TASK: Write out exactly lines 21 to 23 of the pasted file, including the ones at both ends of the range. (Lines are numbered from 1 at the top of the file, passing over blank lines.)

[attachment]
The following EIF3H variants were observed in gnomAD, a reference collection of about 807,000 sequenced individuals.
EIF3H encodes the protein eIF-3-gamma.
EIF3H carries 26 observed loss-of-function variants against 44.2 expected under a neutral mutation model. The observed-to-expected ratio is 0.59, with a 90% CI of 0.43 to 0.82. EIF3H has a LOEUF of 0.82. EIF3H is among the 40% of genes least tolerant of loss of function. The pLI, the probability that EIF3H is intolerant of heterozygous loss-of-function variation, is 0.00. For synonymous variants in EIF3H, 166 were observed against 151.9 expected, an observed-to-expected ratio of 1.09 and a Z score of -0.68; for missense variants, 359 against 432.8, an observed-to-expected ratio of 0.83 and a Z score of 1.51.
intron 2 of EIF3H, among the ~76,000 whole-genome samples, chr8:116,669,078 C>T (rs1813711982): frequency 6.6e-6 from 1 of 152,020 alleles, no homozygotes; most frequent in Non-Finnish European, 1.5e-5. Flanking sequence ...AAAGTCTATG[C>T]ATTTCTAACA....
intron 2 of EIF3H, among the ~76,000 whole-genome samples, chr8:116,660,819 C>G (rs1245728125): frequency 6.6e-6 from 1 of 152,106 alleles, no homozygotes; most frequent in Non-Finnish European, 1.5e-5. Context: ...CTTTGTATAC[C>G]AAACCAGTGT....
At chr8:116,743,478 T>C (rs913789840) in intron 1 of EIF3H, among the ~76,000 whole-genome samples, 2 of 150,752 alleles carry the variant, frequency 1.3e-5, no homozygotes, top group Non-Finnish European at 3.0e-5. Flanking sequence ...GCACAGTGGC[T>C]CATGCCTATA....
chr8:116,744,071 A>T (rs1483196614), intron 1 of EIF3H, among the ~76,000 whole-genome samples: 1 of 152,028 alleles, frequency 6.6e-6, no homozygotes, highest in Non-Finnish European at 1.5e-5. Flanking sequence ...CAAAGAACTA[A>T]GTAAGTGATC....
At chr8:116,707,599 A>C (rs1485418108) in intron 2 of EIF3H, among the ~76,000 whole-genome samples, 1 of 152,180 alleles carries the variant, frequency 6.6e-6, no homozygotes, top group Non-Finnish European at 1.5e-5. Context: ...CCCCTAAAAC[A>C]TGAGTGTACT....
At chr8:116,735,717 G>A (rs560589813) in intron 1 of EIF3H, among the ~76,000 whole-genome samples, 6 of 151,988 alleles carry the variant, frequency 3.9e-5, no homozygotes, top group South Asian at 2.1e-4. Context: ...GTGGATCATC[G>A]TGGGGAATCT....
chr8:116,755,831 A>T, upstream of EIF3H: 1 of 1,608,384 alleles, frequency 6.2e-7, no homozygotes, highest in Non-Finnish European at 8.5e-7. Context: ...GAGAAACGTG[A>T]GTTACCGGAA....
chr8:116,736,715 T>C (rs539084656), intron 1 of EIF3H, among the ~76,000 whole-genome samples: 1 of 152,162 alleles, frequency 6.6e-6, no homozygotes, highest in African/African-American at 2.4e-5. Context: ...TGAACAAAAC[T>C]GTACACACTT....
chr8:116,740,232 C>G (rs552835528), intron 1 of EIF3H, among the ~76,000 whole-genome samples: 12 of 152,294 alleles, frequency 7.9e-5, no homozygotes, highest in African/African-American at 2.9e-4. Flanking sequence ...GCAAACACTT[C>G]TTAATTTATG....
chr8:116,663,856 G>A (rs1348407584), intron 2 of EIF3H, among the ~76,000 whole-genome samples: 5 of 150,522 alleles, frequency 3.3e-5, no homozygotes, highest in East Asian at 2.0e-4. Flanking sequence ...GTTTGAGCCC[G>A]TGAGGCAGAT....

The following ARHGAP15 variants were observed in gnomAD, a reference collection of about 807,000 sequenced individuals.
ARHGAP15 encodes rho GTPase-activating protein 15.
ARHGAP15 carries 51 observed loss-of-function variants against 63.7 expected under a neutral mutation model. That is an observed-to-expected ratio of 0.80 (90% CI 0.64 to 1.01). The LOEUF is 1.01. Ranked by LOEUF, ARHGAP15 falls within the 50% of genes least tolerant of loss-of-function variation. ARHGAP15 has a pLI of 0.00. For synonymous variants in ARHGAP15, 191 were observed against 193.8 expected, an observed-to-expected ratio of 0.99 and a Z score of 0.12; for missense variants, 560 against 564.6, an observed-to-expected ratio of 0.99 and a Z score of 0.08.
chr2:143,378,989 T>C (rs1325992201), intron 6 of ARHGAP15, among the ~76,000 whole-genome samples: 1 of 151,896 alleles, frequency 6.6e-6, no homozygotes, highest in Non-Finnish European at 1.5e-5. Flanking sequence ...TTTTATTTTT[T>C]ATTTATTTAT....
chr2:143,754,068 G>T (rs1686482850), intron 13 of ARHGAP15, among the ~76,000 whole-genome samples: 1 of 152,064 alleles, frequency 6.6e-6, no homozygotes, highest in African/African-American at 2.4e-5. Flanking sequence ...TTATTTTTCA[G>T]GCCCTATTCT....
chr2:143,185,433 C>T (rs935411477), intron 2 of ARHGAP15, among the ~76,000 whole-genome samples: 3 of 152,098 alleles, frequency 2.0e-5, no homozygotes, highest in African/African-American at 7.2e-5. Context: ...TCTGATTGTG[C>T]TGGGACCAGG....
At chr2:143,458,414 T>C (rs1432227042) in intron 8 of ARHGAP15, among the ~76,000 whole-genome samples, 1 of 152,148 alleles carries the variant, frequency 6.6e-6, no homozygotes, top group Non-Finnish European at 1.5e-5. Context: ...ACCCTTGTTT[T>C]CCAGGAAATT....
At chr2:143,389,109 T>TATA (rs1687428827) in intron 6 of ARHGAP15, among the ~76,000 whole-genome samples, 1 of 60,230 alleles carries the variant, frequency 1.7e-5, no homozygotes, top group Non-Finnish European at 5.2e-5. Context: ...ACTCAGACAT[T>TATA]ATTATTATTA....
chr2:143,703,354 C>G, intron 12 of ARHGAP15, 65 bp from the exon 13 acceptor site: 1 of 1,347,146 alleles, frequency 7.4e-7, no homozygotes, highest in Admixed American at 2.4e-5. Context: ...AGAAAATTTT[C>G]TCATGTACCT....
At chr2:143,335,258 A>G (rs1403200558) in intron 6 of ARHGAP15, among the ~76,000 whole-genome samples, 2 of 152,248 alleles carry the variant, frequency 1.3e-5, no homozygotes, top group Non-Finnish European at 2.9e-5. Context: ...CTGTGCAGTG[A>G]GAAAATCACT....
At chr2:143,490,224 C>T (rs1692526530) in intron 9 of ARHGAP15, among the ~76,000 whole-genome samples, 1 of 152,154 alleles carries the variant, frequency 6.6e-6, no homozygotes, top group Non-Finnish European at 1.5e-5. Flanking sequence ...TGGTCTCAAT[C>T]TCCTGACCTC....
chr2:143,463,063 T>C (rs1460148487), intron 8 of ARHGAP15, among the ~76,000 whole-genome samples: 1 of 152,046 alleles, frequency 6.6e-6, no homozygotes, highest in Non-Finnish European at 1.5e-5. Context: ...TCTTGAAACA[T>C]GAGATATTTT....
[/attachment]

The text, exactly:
At chr2:143,389,109 T>TATA (rs1687428827) in intron 6 of ARHGAP15, among the ~76,000 whole-genome samples, 1 of 60,230 alleles carries the variant, frequency 1.7e-5, no homozygotes, top group Non-Finnish European at 5.2e-5. Context: ...ACTCAGACAT[T>TATA]ATTATTATTA....
chr2:143,703,354 C>G, intron 12 of ARHGAP15, 65 bp from the exon 13 acceptor site: 1 of 1,347,146 alleles, frequency 7.4e-7, no homozygotes, highest in Admixed American at 2.4e-5. Context: ...AGAAAATTTT[C>G]TCATGTACCT....
At chr2:143,335,258 A>G (rs1403200558) in intron 6 of ARHGAP15, among the ~76,000 whole-genome samples, 2 of 152,248 alleles carry the variant, frequency 1.3e-5, no homozygotes, top group Non-Finnish European at 2.9e-5. Context: ...CTGTGCAGTG[A>G]GAAAATCACT....